Crew: Oleg Kotov, Sergey Ryazanskiy, Michael Hopkins
Undocking/Landing Date: 8:02 pm ET, March 10, 2014 (see Flight Schedule at nasa.gov)
Landing Site: Kazakhstan
Payload Duration on ISS: 8 weeks

Notable: visit the NASA ISS website for a comprehensive overview of ISS construction, on-orbit research, operations, crews, and multimedia galleries; read about the Orbital Sciences Cygnus spacecraft and Antares rocket; read about the Soyuz TMA vehicle at nasa.gov

ISS Crew for SSEP Mission 3 Payload Operations: Expedition 38
Station Commander Oleg Kotov (Russia); Flight Engineers Sergey Ryazanskiy (Russia), Michael Hopkins (USA), Richard Mastracchio (USA; on Twitter @AstroRM), Koichi Wakata (Japan), and Mikhail Tyurin (Russia). (see Expeditions Schedule at nasa.gov)

 

SSEP Mission 3 to ISS: Payload and Program Data

Payload Designation:
SSEP5a – Falcon I (named for Apollo 15 Lunar Module)
SSEP5b – Falcon II

Number of Student Team Flight Experiments:
Falcon I: 7 experiments – 5 for Mission 3; 1 Mission 1 re-flight; 1 Mission 2 re-flight
Falcon II: 12 Mission 3 experiments

Payload: Suite of Fluids Mixing Enclosure (FMA) Mini-laboratories
Stowage: NanoRacks Express Rack on ISS

History:
The fifth SSEP flight opportunity—for SSEP Mission 3 to the International Space Station—was announced by the National Center for Earth and Space Science Education (NCESSE) on April 29, 2012, with an accompanying Video Clip by Center Director, Dr. Jeff Goldstein.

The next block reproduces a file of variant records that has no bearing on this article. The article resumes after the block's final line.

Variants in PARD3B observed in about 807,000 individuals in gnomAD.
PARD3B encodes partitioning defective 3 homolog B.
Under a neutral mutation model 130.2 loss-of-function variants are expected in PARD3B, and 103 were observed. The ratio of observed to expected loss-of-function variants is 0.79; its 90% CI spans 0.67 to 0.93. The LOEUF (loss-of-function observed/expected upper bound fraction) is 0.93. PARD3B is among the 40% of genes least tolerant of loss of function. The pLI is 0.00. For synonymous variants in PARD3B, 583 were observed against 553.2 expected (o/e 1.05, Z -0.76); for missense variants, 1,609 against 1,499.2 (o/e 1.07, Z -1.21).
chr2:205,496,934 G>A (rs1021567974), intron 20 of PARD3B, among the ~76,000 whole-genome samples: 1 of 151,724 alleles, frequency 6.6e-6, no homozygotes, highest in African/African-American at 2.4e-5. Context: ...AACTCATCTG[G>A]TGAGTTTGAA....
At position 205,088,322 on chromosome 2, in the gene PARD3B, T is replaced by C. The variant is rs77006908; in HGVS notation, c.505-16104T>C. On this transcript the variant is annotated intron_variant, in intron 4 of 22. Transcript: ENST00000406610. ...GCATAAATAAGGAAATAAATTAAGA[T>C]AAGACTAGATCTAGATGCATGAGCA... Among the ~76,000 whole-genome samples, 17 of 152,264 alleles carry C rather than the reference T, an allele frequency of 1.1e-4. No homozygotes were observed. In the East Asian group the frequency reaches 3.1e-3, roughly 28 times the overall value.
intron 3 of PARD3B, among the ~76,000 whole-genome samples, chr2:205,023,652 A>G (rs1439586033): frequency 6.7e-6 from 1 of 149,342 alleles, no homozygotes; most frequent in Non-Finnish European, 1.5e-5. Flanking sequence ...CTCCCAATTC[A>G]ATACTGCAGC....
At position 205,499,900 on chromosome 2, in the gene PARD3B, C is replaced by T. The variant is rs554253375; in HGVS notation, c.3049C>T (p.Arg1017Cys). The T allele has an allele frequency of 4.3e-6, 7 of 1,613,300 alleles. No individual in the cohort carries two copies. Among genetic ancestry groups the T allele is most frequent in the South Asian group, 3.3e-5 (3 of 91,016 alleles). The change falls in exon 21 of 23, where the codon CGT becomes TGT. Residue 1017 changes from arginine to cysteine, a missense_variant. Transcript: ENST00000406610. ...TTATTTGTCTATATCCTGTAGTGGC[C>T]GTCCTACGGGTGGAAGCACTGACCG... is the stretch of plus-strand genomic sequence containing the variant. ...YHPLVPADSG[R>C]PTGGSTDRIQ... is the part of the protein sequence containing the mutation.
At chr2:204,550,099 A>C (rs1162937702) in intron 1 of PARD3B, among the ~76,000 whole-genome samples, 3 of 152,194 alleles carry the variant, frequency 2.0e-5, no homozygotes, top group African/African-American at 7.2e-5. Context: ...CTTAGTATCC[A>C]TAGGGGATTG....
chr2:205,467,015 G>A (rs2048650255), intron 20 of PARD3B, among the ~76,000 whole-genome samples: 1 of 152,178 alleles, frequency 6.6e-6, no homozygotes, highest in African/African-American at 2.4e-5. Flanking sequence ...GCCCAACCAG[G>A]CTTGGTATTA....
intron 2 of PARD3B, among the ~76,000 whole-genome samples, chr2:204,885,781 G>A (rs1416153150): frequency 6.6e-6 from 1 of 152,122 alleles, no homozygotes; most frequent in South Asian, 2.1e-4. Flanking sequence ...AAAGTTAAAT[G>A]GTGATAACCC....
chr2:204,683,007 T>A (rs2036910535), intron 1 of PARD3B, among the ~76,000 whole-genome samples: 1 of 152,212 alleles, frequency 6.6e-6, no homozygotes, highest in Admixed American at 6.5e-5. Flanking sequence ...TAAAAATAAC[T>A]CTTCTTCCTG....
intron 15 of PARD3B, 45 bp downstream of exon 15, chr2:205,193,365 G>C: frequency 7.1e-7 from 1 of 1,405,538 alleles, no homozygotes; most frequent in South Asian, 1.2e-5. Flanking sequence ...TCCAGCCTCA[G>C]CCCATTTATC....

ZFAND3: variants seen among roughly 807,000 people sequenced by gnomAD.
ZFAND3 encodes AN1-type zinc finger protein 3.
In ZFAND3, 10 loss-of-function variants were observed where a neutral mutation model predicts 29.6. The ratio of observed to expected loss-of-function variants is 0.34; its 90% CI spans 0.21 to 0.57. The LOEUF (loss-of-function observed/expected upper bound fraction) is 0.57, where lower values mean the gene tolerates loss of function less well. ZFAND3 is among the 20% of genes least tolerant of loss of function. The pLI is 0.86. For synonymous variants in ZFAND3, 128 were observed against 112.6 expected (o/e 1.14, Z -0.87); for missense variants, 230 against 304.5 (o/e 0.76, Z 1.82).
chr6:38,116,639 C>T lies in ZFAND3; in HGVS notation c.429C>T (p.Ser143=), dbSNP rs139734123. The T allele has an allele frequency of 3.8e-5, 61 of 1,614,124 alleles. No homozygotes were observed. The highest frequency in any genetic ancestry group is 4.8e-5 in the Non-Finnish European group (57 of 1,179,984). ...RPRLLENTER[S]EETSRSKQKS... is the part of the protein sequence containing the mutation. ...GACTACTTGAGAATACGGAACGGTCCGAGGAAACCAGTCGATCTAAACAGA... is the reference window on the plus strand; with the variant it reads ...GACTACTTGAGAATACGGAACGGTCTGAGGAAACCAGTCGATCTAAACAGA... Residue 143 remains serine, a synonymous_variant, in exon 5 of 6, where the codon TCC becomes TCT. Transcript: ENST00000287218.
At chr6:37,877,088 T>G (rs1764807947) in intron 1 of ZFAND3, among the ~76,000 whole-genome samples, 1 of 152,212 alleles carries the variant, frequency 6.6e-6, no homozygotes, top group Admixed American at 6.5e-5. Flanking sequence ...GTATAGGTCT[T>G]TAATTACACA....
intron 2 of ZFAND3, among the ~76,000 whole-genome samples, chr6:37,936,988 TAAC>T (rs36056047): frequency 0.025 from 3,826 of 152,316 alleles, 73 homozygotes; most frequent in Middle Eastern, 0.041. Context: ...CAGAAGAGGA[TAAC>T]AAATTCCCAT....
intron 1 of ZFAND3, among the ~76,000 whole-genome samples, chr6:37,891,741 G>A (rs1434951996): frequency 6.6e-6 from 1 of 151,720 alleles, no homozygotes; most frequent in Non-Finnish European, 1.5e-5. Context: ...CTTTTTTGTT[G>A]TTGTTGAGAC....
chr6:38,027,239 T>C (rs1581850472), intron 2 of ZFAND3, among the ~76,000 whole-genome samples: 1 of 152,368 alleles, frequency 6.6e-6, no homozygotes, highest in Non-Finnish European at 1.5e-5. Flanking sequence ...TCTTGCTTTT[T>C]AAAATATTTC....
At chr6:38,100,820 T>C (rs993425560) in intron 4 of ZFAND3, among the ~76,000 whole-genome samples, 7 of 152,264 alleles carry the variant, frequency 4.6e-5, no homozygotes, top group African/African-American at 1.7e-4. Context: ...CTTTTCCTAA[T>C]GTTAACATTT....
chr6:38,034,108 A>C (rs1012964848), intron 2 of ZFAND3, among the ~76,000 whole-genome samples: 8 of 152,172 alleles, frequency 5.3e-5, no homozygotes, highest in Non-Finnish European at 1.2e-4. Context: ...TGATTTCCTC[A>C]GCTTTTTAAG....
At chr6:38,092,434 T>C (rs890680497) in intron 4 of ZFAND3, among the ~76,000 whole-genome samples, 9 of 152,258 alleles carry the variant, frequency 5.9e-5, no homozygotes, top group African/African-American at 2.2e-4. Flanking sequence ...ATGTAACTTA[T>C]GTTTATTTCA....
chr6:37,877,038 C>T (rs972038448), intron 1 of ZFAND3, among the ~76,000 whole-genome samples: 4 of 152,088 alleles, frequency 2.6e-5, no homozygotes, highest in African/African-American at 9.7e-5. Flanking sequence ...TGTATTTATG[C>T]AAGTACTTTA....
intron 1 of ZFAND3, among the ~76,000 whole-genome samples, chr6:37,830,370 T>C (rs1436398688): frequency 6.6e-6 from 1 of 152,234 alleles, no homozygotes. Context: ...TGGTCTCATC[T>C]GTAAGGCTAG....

Current Status:
As of March 11, 2014: the SSEP Falcon 1 payload returned to Earth on Soyuz 35S on November 10, 2013; the SSEP Falcon II payload of experiments returned to Earth on Soyuz 36S on March 10, 2014.

A List of Important SSEP Mission 3 to ISS Subpages:
SSEP Mission 3 to ISS: Critical Timeline
SSEP Mission 3 to ISS: Mini-Laboratory Operation
SSEP Mission 3 to ISS: Mission Patch Art and Design Competition
SSEP Mission 3 to ISS: Flight Phase Operations
 SSEP Mission 3 to ISS: Experiment Log

The Student Spaceflight Experiments Program (SSEP) is a program of the National Center for Earth and Space Science Education (NCESSE) in the U.S., and the Arthur C. Clarke Institute for Space Education internationally. It is enabled through a strategic partnership with NanoRacks LLC, working with NASA under a Space Act Agreement as part of the utilization of the International Space Station as a National Laboratory. SSEP is the first pre-college STEM education program that is both a U.S. national initiative and implemented as an on-orbit commercial space venture.